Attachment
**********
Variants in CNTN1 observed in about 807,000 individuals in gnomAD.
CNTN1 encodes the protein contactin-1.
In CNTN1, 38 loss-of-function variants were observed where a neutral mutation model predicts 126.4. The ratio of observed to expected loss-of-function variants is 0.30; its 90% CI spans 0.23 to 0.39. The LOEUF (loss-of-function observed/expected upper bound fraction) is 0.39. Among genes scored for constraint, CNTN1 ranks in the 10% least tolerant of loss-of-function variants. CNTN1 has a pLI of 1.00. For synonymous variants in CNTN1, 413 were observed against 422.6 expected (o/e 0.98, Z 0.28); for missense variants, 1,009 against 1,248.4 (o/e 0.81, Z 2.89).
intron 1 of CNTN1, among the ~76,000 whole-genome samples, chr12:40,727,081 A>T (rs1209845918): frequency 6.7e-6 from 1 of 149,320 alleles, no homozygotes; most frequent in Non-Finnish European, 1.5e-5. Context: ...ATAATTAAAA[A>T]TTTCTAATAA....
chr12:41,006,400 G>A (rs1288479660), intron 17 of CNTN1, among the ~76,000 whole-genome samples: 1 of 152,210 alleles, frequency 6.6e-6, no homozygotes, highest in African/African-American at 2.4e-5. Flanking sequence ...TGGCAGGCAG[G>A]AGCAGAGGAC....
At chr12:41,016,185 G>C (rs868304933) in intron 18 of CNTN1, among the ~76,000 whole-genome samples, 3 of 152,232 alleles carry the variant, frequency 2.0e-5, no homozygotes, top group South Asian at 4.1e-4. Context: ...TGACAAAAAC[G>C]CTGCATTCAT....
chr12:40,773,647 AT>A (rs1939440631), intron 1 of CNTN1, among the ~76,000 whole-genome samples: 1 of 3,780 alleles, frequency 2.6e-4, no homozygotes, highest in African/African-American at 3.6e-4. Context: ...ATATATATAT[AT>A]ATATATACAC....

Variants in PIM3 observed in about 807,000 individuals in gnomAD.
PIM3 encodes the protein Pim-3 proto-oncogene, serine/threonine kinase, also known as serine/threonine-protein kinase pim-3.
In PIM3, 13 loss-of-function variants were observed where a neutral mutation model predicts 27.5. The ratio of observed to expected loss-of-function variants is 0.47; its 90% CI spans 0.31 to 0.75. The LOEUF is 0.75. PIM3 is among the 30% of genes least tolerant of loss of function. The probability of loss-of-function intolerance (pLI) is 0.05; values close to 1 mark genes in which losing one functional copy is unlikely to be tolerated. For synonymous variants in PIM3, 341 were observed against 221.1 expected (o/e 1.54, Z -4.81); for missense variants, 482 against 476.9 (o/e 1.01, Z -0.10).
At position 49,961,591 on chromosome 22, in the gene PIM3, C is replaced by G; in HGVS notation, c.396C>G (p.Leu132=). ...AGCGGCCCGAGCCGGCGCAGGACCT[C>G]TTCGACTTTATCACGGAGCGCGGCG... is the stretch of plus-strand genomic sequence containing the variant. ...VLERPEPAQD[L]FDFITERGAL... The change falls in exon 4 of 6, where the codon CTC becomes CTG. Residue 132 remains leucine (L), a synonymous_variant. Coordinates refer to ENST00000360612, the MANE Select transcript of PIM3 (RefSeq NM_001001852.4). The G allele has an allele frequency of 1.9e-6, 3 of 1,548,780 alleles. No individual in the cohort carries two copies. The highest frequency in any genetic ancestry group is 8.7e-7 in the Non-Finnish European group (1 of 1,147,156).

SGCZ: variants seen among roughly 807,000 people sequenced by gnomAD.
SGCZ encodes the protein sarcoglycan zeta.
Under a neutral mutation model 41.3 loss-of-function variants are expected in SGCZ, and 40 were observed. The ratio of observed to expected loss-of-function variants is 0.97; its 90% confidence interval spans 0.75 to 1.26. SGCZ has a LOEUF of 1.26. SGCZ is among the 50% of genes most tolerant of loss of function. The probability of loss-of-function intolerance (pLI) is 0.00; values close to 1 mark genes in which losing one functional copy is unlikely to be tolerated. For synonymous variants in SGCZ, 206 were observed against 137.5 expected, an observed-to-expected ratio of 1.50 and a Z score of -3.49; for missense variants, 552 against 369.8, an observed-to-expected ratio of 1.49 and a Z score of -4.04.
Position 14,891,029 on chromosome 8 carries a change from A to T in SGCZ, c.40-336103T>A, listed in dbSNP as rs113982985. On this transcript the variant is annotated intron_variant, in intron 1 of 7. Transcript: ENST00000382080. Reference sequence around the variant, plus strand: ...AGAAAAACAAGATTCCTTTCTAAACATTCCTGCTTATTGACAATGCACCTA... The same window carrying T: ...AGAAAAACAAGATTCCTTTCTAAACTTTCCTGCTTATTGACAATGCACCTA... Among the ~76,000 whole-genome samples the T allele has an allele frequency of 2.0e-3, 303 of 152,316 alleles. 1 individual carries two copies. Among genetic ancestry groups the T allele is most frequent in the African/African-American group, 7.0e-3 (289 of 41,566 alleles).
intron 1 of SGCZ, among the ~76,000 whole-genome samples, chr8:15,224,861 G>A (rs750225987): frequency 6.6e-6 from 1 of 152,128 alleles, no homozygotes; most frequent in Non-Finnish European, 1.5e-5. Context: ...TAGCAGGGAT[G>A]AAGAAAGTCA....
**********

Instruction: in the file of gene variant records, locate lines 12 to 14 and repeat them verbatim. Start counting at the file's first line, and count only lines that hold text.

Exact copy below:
SGCZ: variants seen among roughly 807,000 people sequenced by gnomAD.
SGCZ encodes the protein sarcoglycan zeta.
Under a neutral mutation model 41.3 loss-of-function variants are expected in SGCZ, and 40 were observed. The ratio of observed to expected loss-of-function variants is 0.97; its 90% confidence interval spans 0.75 to 1.26. SGCZ has a LOEUF of 1.26. SGCZ is among the 50% of genes most tolerant of loss of function. The probability of loss-of-function intolerance (pLI) is 0.00; values close to 1 mark genes in which losing one functional copy is unlikely to be tolerated. For synonymous variants in SGCZ, 206 were observed against 137.5 expected, an observed-to-expected ratio of 1.50 and a Z score of -3.49; for missense variants, 552 against 369.8, an observed-to-expected ratio of 1.49 and a Z score of -4.04.